Turkish President Recep Tayyip Erdoğan called the rulers of Saudi Arabia "infidels" (kafir) and decided to boycott the annual Hajj (pilgrimage) to Mecca, affecting tens of thousands of Turks, against the backdrop of the Saudis' support for the ouster of Egyptian President Mohamed Morsi, with whom Turkey's ruling Justice and Development Party (AKP) was ideologically aligned.
Two witnesses recently came forward to reveal how Erdoğan, angry over the removal from office of his Muslim Brotherhood ally on July 3, 2013 by the Egyptian military amid popular protests against Morsi, responded privately to Saudi Arabia, a backer of the post-Morsi regime.
"Mr. Erdoğan wanted to boycott the Hajj during Eid al-Adha [Festival of the Sacrifice, which marks the Muslim pilgrimage season]. He said we must boycott Saudi Arabia, and Turkish pilgrims must not go [to Mecca] because it supports the new regime in Egypt," said Ahmet Davutoğlu, the then-foreign minister, in an interview on Turkish TV on December 1, 2022.
He said at the time Egyptian Muslim Brotherhood leaders were coming to Turkey to talk directly to Erdoğan, then prime minister, in private, bypassing the foreign ministry, of which he was then in charge. He also accused Erdoğan of misleading Muslim Brotherhood leaders before elections in Egypt and providing poor counsel to the Freedom and Justice Party (FJP), the political wing of the Muslim Brotherhood, that led to polarization and the eventual ouster of Morsi.
Turkey's diplomatic ties with Egypt soured following a coup that toppled Morsi, and the Erdoğan government became an outspoken adversary of President Abdel Fattah el-Sisi, who replaced Morsi. Erdoğan made it a habit to use the Rabia salute — used to demonstrate solidarity with the Egyptian Muslim Brotherhood, which protested in Rabaa al-Adawiya Square — at almost every opportunity. Made by raising four fingers with the thumb resting on the palm, the Rabia sign became the official symbol of President Erdoğan and his party in Turkey.
The Erdoğan government organized nationwide protests against el-Sisi, turned the matter into a national issue, offered sanctuary to Brotherhood leaders and provided financial and political support for their operations.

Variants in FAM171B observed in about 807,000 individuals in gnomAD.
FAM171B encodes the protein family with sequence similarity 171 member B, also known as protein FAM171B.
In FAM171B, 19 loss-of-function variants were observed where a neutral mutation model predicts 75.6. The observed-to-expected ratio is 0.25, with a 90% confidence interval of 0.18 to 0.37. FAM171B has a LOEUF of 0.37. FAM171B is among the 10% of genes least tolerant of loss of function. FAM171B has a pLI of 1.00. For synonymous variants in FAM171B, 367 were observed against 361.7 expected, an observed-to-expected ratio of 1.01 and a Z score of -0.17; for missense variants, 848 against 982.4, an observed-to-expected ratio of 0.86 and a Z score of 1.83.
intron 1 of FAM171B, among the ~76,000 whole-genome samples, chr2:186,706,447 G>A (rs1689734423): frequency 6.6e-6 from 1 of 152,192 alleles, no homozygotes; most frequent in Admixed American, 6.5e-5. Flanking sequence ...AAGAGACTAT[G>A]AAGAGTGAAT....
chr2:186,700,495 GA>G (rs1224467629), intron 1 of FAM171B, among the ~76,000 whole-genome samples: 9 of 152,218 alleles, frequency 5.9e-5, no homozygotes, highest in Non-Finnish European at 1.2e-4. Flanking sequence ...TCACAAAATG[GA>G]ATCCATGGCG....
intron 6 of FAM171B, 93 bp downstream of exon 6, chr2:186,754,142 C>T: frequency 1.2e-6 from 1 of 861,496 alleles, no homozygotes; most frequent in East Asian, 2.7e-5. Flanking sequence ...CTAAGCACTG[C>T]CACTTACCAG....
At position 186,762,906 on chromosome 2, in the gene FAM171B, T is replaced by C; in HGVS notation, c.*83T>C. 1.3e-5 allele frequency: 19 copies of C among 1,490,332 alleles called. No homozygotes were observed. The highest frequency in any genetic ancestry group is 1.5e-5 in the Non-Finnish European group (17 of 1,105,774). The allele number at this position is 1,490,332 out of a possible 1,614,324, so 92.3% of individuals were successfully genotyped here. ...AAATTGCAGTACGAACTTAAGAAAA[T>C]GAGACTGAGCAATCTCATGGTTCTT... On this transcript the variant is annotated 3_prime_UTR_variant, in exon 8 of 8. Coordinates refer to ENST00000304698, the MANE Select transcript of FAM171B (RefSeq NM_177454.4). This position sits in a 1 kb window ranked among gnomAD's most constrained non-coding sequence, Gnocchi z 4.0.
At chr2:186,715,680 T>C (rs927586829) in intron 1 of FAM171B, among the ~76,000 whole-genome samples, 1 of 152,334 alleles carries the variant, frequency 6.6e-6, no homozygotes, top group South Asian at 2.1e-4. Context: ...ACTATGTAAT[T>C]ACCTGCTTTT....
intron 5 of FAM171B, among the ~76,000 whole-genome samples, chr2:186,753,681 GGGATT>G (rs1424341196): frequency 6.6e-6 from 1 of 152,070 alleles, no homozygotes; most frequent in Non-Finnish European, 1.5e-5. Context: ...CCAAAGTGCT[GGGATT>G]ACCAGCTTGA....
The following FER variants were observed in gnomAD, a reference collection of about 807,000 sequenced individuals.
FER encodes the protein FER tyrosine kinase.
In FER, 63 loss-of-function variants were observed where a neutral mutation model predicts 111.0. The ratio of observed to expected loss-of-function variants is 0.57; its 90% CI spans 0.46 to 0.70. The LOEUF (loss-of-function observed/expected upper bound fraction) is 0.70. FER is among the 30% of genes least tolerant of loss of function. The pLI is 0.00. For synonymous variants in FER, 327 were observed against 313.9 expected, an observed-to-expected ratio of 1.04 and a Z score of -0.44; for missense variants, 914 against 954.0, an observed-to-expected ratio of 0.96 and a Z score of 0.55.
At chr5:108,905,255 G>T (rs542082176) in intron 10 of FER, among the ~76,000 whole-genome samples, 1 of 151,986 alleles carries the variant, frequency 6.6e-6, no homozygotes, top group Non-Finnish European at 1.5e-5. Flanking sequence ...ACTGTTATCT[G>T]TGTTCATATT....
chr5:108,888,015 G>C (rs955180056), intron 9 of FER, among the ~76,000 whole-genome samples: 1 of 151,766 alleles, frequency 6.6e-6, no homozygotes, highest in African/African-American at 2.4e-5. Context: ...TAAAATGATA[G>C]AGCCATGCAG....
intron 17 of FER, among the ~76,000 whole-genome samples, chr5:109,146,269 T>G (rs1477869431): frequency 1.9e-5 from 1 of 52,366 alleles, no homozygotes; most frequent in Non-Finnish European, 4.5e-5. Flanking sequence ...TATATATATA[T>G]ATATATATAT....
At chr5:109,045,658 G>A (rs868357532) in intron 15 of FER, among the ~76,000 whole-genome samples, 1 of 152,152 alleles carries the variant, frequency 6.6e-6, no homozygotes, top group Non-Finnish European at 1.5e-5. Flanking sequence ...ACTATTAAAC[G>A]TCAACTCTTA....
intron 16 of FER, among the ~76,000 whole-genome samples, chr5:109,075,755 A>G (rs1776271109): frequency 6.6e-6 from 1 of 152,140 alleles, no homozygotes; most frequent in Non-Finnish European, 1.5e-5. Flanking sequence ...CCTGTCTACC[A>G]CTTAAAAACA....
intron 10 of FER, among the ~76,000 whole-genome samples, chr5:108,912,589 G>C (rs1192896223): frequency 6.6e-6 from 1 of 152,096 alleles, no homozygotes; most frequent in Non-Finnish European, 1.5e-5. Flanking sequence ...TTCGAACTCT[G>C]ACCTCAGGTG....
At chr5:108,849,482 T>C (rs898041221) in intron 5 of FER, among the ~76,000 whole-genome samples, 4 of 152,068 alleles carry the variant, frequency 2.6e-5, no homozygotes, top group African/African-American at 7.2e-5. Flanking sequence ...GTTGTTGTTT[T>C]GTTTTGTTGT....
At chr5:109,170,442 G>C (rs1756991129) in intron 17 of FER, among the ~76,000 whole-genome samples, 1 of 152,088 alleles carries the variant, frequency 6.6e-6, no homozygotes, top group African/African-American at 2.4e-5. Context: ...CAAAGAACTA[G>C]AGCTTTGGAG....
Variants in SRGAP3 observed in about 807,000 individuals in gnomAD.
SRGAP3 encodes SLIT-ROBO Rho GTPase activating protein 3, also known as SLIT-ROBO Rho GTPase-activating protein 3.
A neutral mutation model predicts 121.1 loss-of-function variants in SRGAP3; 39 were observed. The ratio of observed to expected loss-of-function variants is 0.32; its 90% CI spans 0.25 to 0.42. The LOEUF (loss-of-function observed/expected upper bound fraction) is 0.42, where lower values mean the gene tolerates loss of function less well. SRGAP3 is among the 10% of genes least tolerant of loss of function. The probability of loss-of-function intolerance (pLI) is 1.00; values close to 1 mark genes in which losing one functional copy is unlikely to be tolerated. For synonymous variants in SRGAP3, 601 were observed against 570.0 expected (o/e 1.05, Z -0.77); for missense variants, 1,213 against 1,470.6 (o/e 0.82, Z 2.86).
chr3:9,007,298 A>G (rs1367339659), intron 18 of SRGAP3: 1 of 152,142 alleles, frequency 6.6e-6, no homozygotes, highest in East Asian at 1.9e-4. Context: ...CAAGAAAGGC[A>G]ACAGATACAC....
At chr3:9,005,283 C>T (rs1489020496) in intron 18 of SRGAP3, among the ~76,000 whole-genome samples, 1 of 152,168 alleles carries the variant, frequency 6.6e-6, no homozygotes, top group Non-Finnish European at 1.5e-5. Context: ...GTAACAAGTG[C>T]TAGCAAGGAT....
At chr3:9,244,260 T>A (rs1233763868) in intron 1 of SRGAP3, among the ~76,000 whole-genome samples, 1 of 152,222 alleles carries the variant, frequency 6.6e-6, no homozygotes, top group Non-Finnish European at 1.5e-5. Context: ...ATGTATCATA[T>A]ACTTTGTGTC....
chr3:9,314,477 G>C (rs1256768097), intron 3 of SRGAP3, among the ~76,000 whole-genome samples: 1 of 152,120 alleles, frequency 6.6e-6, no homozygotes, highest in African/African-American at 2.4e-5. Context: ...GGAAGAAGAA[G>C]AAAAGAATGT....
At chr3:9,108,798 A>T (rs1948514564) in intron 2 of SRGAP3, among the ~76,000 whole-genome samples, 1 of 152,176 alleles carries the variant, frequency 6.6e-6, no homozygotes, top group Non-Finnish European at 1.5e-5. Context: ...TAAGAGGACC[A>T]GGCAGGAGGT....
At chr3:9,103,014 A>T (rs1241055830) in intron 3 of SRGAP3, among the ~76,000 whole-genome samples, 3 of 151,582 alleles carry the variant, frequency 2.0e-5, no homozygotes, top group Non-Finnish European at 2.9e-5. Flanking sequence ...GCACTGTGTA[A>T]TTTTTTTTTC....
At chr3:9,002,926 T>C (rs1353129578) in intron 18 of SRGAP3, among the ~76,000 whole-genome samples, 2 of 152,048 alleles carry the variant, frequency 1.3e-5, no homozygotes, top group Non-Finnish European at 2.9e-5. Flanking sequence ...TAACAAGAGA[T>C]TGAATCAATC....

Although Erdoğan had decided to boycott the Hajj, he then changed his mind at the urging of his advisors, who feared that a boycott could very well backfire on the Turkish government, considering the long waiting list for people who want to make the trip to Mecca because of a quota system.
In 2013 Saudi Arabia asked several Muslim countries, including Turkey, to reduce their pilgrim quotas by 20 percent, citing safety concerns for large crowds amid ongoing construction and renovation around the Kaaba. Turkey's quota, which was 74,000 the previous year, was slashed to 60,000 in 2013.
Those 74,000 future pilgrims had been randomly selected from a pool of around 1.37 million people in March 2012. A total of 14,800 pilgrims, who had spent several months making preparations for their trip, learned that they would be left behind just a few weeks before the Muslim holy month of Ramadan. The Religious Affairs Directorate (Diyanet) tried to defuse the public outrage, announcing that 14,800 prospective pilgrims would be given priority in 2014 and that the decision to send pilgrims who had accumulated over seven years would be revisited.
The opposition got wind of the issue and even accused the Saudi government of using the quota system as political leverage against Turkey over the Erdoğan government's stance on Egypt. The Saudi rulers maintain tremendous influence among Muslims because of its management of Islam's holiest sites in Mecca and Medina.
Another witness who recently came forward in revealing how Erdoğan felt about the Saudis around the time of Morsi's removal from office is Ekrem Dumanli, a Turkish journalist who now lives in the US. Speaking on a YouTube program aired by the Brussels-based TR724 news channel on November 24, 2022, he recalled Erdoğan's remarks about the Saudis after a tense phone call.
He said was talking to Erdoğan in his office and that Erdoğan had to leave to take a call in the next room. After wrapping up the call, Erdoğan returned half an hour later, apparently furious over the phone conversation and told Dumanli that "these Saudis are infidels." "He was quite angry, spitting fire. He had just talked to the Saudis [on the phone]," Dumanli recalled.
For years, Turkey's ties with both Egypt and Saudi Arabia had been tense since both Arab countries accused the Erdoğan government of interfering in their internal affairs and supporting the Muslim Brotherhood. Egypt even downgraded ties with Turkey, recalling its ambassador, and Saudi Arabia announced a boycott of Turkish goods. Only recently has the Erdoğan government, finding itself in diplomatic isolation, especially in the Mediterranean region, and faced with economic challenges at home, started reaching out to both Cairo and Riyadh to mend fences.
Abdullah Bozkurt, a Middle East Forum Writing Fellow, is a Swedish-based investigative journalist and analyst who runs the Nordic Research and Monitoring Network and is chairman of the Stockholm Center for Freedom.